CalSTRS reports 21.7% PE return

The US pension refuses to ‘sell at loss’, temporarily shifting 5% of its equities portfolio to private equity, real estate and fixed income to take advantage of distress.

The California State Teachers’ Retirement System recorded a 21.7 percent return on its private equity investments over the past year and will temporarily increase its allocation to the asset class to take advantage of distress in the market. The positive performance sharply contrasts the 27.6 percent loss recorded for the asset class during the same 12-month period last year.

The $132.2 billion public pension reported overalls gains of 12.3 percent for the fiscal year ending 30 June, beating an actuarial rate of 8 percent and bringing in more than $10 billion as of the end of June. Every asset class posted a positive performance for the pension, aside from real estate. 

In a statement, chief investment officer Christopher Ailman said the pension was “not out of the woods yet”, adding: “The American economy suffered a near-death experience in 2008, and it’s going to take some time to fully recuperate from that. This year’s performance is a solid start along that road to recovery.”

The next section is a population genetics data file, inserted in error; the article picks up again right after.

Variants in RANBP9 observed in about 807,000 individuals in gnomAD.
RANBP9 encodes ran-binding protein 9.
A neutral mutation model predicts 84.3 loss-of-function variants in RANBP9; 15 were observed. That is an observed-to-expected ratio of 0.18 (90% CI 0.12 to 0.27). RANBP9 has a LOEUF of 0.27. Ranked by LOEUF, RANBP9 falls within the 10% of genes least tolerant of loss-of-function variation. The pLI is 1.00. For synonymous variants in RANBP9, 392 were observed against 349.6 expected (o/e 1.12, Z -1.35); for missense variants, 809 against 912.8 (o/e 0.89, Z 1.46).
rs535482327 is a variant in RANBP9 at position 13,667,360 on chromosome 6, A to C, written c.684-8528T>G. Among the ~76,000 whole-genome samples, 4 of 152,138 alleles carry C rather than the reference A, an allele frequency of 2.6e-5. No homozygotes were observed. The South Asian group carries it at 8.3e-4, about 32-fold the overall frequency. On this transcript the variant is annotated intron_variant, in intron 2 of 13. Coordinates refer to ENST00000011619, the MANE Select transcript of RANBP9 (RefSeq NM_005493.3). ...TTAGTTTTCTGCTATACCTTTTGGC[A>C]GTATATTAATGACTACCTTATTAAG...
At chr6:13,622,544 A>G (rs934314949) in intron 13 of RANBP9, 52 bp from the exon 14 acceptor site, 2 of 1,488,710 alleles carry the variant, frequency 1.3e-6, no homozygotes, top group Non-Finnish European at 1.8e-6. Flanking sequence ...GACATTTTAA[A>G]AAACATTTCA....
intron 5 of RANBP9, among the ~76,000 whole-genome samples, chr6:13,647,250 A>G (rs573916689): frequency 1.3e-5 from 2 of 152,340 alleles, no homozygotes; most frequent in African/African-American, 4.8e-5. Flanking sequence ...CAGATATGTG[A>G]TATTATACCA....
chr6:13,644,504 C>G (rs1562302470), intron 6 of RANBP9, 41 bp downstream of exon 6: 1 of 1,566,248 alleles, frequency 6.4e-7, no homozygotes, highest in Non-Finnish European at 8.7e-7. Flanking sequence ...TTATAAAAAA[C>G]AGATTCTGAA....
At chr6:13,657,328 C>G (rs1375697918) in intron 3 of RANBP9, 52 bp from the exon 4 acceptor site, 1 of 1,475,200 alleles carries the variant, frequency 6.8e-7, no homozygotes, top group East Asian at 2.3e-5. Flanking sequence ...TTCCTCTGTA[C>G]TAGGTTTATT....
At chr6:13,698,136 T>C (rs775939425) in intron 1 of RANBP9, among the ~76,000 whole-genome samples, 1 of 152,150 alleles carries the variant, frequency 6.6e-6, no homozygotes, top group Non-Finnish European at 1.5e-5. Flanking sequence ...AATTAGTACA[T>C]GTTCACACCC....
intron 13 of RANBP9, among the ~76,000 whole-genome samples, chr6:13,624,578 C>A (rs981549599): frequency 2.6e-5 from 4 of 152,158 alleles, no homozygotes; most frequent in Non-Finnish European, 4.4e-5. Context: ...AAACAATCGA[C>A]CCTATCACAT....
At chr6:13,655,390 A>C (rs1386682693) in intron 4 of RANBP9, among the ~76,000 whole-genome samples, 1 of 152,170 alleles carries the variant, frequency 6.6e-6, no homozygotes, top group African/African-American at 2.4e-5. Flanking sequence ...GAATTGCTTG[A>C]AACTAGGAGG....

CalSTRS reported gains of 14.5 percent for global equities and 12.3 percent for fixed income, but lost 12.4 percent on its real estate investments over the past year. The pension had an actual allocation to private equity of 14.5 percent; 51.7 percent to equities and 22 percent to fixed income.

As a result, investment staff have temporarily shifted 5 percent of CalSTRS' portfolio from global equities to private equity, real estate and fixed income to “take advantage of the distressed market”, as well as create a 5 percent allocation to a new inflation-protection absolute return asset class, offset by a permanent 5 percent reduction in equities.

The pension, however, has also noted the lack of real estate and infrastructure deals, saying in July investment committee notes that it would slow the pace of increase in relation to its exposure of the two asset classes.